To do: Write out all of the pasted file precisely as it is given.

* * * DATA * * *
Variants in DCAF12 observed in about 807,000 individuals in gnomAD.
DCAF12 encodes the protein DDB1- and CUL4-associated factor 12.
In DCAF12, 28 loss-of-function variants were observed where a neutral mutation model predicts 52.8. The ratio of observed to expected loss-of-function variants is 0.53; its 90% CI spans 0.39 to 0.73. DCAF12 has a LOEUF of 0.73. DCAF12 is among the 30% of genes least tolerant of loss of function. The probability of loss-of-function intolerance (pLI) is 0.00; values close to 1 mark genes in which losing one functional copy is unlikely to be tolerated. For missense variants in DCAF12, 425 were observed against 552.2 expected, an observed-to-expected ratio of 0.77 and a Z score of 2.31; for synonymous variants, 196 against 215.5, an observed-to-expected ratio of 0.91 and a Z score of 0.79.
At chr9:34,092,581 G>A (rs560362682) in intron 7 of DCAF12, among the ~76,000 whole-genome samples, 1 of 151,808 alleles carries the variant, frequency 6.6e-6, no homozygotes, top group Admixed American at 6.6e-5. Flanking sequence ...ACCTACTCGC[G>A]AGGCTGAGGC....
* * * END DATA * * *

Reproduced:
Variants in DCAF12 observed in about 807,000 individuals in gnomAD.
DCAF12 encodes the protein DDB1- and CUL4-associated factor 12.
In DCAF12, 28 loss-of-function variants were observed where a neutral mutation model predicts 52.8. The ratio of observed to expected loss-of-function variants is 0.53; its 90% CI spans 0.39 to 0.73. DCAF12 has a LOEUF of 0.73. DCAF12 is among the 30% of genes least tolerant of loss of function. The probability of loss-of-function intolerance (pLI) is 0.00; values close to 1 mark genes in which losing one functional copy is unlikely to be tolerated. For missense variants in DCAF12, 425 were observed against 552.2 expected, an observed-to-expected ratio of 0.77 and a Z score of 2.31; for synonymous variants, 196 against 215.5, an observed-to-expected ratio of 0.91 and a Z score of 0.79.
At chr9:34,092,581 G>A (rs560362682) in intron 7 of DCAF12, among the ~76,000 whole-genome samples, 1 of 151,808 alleles carries the variant, frequency 6.6e-6, no homozygotes, top group Admixed American at 6.6e-5. Flanking sequence ...ACCTACTCGC[G>A]AGGCTGAGGC....